The final question–is the XMPP message’s payload in the right format for the auction server?–can’t really be tested until we have a real auction server to hook up to. As discussed in #goos, those servers aren’t readily available, which is why the book uses fake ones. So, in a real sense, my strategy is the same as #goos’s: test as end-to-end as you reasonably can and plug in fakes for the ends (or middle pieces) that are too hard to reach. We just have a different interpretation of “reasonably can” and “too hard to reach”.
Having done that for the first test, would I do it again for the BIDDING to LOSING transition test? Well, yeah, probably, just to see a two-step transition. But by the time I finished all the transitions, I suspect code to pass the next transition test would be so unlikely to affect integration of interfaces that I wouldn’t bother.
Moreover, having finished the Nth transition test, I would only exercise what I’d changed. I would not (not, not, not!) run all the previous tests as if I were a slow and error-prone automated test suite. (Most likely, though, I’d try to vary my manual test, making it different from both the transition test that prompted the code changes and from previous manual tests. Adding easy variety to tests can both help you stumble across bugs and–more importantly–make you realize new things about the problem you’re trying to solve and the product you’re trying to build.)
What about real automated end-to-end tests?
I’d let reality (like the reality of missed bugs or tests hard to do manually) force me to add end-to-end tests of the #goos sort, but I would probably never have anywhere near the number of end-to-end scenario/workflow tests that #goos recommends (as of chapter 16). While I think workflows are a nice way of fleshing out a story or feature, a good way to start generating tests, and a dandy conversation tool, none of those things require automation.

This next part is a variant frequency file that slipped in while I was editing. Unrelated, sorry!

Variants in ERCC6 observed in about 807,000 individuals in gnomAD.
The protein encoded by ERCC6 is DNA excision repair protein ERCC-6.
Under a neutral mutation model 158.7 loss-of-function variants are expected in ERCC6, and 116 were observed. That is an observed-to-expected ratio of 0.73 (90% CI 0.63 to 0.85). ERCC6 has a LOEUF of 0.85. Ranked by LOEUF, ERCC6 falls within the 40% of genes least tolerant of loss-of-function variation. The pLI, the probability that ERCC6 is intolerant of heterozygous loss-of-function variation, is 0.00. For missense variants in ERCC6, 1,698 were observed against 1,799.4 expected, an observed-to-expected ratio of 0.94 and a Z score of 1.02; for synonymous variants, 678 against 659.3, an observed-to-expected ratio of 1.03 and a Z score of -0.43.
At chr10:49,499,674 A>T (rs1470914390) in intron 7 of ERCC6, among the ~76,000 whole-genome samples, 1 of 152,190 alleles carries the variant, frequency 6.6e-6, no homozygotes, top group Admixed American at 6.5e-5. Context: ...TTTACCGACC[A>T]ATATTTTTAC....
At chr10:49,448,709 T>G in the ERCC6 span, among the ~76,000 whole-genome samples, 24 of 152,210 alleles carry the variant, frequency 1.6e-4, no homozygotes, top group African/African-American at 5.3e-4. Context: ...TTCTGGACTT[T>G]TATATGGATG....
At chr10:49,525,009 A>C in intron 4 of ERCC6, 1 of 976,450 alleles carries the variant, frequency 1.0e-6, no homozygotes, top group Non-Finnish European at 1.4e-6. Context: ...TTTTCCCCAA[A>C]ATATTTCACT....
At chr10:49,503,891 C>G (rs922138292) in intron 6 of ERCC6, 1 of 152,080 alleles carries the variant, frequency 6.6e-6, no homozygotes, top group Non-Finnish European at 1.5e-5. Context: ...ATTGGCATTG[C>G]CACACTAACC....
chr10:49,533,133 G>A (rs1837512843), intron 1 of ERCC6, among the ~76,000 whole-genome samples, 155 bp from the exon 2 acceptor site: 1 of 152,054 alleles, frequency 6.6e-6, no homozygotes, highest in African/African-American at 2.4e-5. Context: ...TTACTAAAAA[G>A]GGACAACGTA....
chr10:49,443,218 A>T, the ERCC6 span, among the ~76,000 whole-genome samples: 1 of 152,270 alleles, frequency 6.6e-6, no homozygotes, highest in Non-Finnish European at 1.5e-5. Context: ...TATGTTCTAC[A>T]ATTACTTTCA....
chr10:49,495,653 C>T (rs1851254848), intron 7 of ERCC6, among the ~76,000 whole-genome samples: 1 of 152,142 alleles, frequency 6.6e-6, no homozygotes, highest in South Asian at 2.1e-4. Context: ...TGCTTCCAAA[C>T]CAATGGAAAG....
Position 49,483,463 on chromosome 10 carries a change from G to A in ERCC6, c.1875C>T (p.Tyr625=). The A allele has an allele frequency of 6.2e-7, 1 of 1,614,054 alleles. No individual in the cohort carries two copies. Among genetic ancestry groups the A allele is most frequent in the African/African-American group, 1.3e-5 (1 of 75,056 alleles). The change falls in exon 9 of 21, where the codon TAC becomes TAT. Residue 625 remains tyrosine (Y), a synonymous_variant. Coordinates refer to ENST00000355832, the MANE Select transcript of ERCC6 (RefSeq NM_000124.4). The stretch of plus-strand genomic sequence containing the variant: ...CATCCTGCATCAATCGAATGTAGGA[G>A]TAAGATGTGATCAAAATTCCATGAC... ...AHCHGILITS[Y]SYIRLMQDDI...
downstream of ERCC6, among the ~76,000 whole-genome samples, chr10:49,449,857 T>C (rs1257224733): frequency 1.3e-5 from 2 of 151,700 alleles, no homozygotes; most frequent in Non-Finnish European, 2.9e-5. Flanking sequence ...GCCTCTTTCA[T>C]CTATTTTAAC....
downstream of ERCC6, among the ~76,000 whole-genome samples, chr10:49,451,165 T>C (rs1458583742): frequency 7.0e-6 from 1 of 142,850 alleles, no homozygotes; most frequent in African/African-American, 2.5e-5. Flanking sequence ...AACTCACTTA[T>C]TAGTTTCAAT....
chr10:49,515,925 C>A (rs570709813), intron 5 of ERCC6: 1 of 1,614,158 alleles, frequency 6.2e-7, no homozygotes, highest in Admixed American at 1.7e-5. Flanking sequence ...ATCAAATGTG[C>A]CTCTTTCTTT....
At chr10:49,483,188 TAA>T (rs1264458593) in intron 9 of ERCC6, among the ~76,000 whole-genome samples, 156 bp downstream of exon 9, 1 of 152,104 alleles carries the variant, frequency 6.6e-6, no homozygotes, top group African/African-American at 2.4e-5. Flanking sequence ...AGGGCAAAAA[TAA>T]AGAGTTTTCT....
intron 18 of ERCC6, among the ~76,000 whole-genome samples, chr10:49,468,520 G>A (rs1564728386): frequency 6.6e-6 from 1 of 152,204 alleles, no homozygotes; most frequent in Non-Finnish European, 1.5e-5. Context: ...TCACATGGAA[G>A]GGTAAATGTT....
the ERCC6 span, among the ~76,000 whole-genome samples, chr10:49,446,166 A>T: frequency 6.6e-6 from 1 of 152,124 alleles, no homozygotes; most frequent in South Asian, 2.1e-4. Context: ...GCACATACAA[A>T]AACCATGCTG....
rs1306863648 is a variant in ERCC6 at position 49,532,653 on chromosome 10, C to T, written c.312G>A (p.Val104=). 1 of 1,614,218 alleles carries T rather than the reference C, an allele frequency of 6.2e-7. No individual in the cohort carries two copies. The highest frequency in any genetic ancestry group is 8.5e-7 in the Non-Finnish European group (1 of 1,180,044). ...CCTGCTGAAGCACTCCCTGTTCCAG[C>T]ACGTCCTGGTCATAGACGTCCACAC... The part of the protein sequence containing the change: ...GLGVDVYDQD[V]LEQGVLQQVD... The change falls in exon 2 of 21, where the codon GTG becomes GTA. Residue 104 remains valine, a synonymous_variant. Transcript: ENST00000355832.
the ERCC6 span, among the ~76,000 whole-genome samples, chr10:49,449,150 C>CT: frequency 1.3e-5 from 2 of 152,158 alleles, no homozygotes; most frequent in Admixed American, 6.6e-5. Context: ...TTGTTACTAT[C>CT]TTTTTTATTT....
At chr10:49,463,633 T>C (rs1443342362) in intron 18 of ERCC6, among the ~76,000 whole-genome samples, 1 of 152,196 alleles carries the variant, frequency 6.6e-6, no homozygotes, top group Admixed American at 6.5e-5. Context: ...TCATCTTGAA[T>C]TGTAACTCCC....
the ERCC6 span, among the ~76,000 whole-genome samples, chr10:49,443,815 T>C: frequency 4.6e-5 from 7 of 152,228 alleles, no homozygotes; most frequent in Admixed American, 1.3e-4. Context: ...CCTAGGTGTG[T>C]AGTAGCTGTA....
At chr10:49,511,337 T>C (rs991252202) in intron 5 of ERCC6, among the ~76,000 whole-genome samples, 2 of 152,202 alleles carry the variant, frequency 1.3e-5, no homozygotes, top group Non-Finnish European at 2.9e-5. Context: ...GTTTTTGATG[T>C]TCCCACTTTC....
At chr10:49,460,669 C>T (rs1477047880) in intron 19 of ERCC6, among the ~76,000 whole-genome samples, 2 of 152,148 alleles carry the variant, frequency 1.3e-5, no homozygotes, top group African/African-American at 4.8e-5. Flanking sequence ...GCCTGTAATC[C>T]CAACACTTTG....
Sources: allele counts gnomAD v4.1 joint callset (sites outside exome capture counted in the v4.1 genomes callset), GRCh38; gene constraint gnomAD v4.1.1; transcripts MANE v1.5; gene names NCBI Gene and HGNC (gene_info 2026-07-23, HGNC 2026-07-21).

I could do any number of my state-transition tests, making the Sniper ever more competent at dealing with auctions, but I’d probably get to the GUI at about the same time as #goos.
What do we know of the GUI? We know it has to faithfully display the externally-relevant known state of the auction. That is, it has to subscribe to what the Sniper already publishes. I imagine I’d have the same microtests and implementation as #goos (except for having the Swing TableModel subscribe instead of being called directly).
Having developed the TableModel to match my tests, I’d still have to check whether it matches the real Swing implementation. I’d do that manually until I was dragged kicking and screaming into using some GUI scraping tool to automate it.
How do I feel?
Nervous. #goos has not changed my opinion about end-to-end tests. But its authors are smarter and more experienced than I am. So why do they love–or at least accept–end-to-end tests while I fear and avoid them?